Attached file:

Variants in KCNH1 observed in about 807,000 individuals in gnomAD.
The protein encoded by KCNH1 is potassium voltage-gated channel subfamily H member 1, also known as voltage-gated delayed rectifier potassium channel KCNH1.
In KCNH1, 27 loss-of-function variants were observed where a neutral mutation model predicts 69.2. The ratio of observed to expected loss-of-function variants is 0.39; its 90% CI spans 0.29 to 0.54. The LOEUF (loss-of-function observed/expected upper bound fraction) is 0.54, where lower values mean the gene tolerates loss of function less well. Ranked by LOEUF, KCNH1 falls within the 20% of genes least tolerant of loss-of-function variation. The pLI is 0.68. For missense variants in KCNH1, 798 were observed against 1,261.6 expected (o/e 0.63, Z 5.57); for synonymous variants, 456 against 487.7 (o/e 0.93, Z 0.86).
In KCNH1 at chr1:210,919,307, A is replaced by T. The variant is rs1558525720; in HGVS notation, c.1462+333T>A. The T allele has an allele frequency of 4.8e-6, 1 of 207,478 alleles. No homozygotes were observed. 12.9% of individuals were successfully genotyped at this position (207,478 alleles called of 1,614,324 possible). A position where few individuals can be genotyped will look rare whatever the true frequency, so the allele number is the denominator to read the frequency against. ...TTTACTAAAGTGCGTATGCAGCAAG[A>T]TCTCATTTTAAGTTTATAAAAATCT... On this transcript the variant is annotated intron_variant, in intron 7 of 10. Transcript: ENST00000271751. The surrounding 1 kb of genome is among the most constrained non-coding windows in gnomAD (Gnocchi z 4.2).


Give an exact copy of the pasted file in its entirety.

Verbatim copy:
Variants in KCNH1 observed in about 807,000 individuals in gnomAD.
The protein encoded by KCNH1 is potassium voltage-gated channel subfamily H member 1, also known as voltage-gated delayed rectifier potassium channel KCNH1.
In KCNH1, 27 loss-of-function variants were observed where a neutral mutation model predicts 69.2. The ratio of observed to expected loss-of-function variants is 0.39; its 90% CI spans 0.29 to 0.54. The LOEUF (loss-of-function observed/expected upper bound fraction) is 0.54, where lower values mean the gene tolerates loss of function less well. Ranked by LOEUF, KCNH1 falls within the 20% of genes least tolerant of loss-of-function variation. The pLI is 0.68. For missense variants in KCNH1, 798 were observed against 1,261.6 expected (o/e 0.63, Z 5.57); for synonymous variants, 456 against 487.7 (o/e 0.93, Z 0.86).
In KCNH1 at chr1:210,919,307, A is replaced by T. The variant is rs1558525720; in HGVS notation, c.1462+333T>A. The T allele has an allele frequency of 4.8e-6, 1 of 207,478 alleles. No homozygotes were observed. 12.9% of individuals were successfully genotyped at this position (207,478 alleles called of 1,614,324 possible). A position where few individuals can be genotyped will look rare whatever the true frequency, so the allele number is the denominator to read the frequency against. ...TTTACTAAAGTGCGTATGCAGCAAG[A>T]TCTCATTTTAAGTTTATAAAAATCT... On this transcript the variant is annotated intron_variant, in intron 7 of 10. Transcript: ENST00000271751. The surrounding 1 kb of genome is among the most constrained non-coding windows in gnomAD (Gnocchi z 4.2).